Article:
While many instructors use the terms persuasive essay and argumentative essay interchangeably, there is a slight difference between the two. As a general rule, argumentative essays tend to be data backed. Persuasive essays use arguments that are intended to get readers to form opinions based on appeals to emotions, morals, and ethics.
For example, an argumentative essay might claim that eating a vegetarian diet reduces cancer risk by 15%. A persuasive essay would claim that eating a vegetarian diet is the only way to put an end to cruel farming practices.
Don’t be fooled into thinking that writing a persuasive essay is easy. You still have to work hard to form a cogent argument in your favor.
Pick a Topic That Evokes Strong Opinions. The most interesting persuasive essay topics for both readers and writers are ones that involve very strongly held opinions. You’ll find lots of sources to support both sides of the issue. You can also employ lots of evocative writing to make your points.
Try Having a Topic Selection Brainstorming Session With Classmates. If you are part of class, study group consider organizing a brainstorming session. This will help you and your fellow students come up with some great topic ideas.
Ask Your Instructor Which Topics Have Been Most Interesting in The Past. While you instructor probably won’t give you topic ideas directly, they may be willing to share some previous topic ideas that have worked very well. You shouldn’t take these directly, but they can help get some ideas flowing.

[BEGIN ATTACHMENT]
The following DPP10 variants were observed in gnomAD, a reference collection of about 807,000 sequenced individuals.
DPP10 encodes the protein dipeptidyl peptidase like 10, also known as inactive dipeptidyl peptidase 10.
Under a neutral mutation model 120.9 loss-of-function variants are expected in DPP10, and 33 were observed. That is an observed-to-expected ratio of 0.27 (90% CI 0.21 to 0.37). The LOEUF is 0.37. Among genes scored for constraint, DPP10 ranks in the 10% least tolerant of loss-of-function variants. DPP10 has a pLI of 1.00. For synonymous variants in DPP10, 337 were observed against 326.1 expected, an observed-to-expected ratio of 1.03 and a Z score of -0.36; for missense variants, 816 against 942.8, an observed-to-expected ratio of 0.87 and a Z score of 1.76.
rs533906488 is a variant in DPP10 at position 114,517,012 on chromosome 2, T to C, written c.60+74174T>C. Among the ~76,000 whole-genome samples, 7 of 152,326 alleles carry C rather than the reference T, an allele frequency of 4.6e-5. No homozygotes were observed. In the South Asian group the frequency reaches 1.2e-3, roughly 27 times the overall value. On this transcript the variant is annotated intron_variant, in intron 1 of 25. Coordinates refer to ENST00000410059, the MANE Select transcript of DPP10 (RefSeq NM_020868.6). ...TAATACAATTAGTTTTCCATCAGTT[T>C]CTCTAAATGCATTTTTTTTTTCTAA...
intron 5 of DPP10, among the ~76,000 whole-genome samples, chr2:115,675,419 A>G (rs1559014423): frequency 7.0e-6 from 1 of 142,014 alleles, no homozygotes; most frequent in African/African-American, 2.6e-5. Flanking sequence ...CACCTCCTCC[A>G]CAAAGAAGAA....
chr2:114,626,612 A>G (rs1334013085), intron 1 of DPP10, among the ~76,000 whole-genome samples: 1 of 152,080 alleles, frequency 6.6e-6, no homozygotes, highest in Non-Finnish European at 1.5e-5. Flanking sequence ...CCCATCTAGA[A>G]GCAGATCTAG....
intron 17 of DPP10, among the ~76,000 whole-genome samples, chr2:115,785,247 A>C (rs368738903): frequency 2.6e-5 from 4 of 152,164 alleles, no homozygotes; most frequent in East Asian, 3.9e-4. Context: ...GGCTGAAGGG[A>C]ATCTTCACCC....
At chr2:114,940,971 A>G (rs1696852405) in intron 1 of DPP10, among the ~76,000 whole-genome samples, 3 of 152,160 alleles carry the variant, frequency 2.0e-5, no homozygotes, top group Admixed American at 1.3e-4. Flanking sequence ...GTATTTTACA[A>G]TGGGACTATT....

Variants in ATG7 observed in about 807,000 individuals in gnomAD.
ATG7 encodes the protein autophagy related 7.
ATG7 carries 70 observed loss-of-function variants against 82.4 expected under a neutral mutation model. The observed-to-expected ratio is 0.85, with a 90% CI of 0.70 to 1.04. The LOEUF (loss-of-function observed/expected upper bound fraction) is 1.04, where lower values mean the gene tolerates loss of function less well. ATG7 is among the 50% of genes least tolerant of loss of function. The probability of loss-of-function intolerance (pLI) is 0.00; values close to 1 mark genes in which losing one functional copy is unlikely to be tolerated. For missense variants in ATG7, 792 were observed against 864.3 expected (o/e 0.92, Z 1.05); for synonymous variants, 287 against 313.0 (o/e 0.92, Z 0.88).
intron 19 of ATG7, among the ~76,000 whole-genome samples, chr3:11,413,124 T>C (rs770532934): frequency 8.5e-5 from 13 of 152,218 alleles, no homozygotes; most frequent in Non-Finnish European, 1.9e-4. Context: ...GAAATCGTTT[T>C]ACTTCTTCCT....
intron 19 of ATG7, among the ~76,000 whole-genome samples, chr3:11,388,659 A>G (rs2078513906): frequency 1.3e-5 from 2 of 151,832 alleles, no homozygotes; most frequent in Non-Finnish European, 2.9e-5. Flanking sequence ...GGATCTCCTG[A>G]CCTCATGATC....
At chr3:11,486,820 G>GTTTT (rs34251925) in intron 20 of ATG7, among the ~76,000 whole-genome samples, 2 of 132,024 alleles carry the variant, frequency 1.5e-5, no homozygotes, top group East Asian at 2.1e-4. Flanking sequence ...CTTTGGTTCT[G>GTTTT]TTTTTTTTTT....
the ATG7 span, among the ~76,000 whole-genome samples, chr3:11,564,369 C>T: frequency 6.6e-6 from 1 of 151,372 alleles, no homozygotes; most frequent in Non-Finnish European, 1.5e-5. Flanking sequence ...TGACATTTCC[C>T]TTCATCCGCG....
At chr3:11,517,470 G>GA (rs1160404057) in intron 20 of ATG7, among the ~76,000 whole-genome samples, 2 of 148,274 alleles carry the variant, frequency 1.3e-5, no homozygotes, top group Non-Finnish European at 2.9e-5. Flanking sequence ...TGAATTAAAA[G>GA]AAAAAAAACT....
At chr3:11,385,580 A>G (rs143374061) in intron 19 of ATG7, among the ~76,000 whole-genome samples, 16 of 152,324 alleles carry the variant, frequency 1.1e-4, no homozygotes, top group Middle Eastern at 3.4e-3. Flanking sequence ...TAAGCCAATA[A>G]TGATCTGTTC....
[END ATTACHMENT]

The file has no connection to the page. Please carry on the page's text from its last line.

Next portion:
Consider a Topic You Feel Strongly About. Do you have a pet issue or topic that really gets your blood boiling? You should strongly consider basing your persuasive essay on that topic. Remember that if you are passionate and knowledgable about something, you will enjoy writing about it. Even better, your knowledge means that you don’t have to research as much.
Make Sure The Topic Has Broad Appeal. While it’s a good idea to pick a topic that you care about, be careful not to pick one that is only interesting to you and a handful of other people. For example, if you are a guitar enthusiast, you might have very strong opinions on which brand of guitar strings are best, but most people won’t find an essay on that very interesting.
You Should Still Include Some Statistics or Other Data in Your Essay
Take a Unique Angle to Make Your Essay Interesting
Expand Your Vocabulary And Use Descriptive Phrases
Get an Early Start And Work on Your Essay Daily
Keep Your Notes Well Organized
Write an Outline Even if It’s Not Required
- Find an expert who agrees with you and quote them in your essay.
- Use emotionally persuasive language.
- Research opposing points so that you understand them.
- Appeal to ethics and morals.
- Watch out for spelling and grammar mistakes.
- Use derisive language to belittle those who hold opposing views.
- Pander or use emotionally dishonest tactics.
- Ignore Important Opposing Views
- Forget to cite your sources
- Wait until the last minute to request help on your essay.
- Failing to Write a Strong Conclusion - This is your last chance to drive your point home. Show how your arguments fall into place.
- Being Dishonest About The Opposing View - Avoid constructing strawman arguments.
- Leading Off With Your Weakest Point - Start with the strongest argument you have. It will give the rest of your paper credibility.
- Failing to Make an Emotional Connection - Your audience is more likely to believe your arguments if they resonate personally with them.
- Not Following Instructions Completely - double check your rubric. Don’t miss any important details.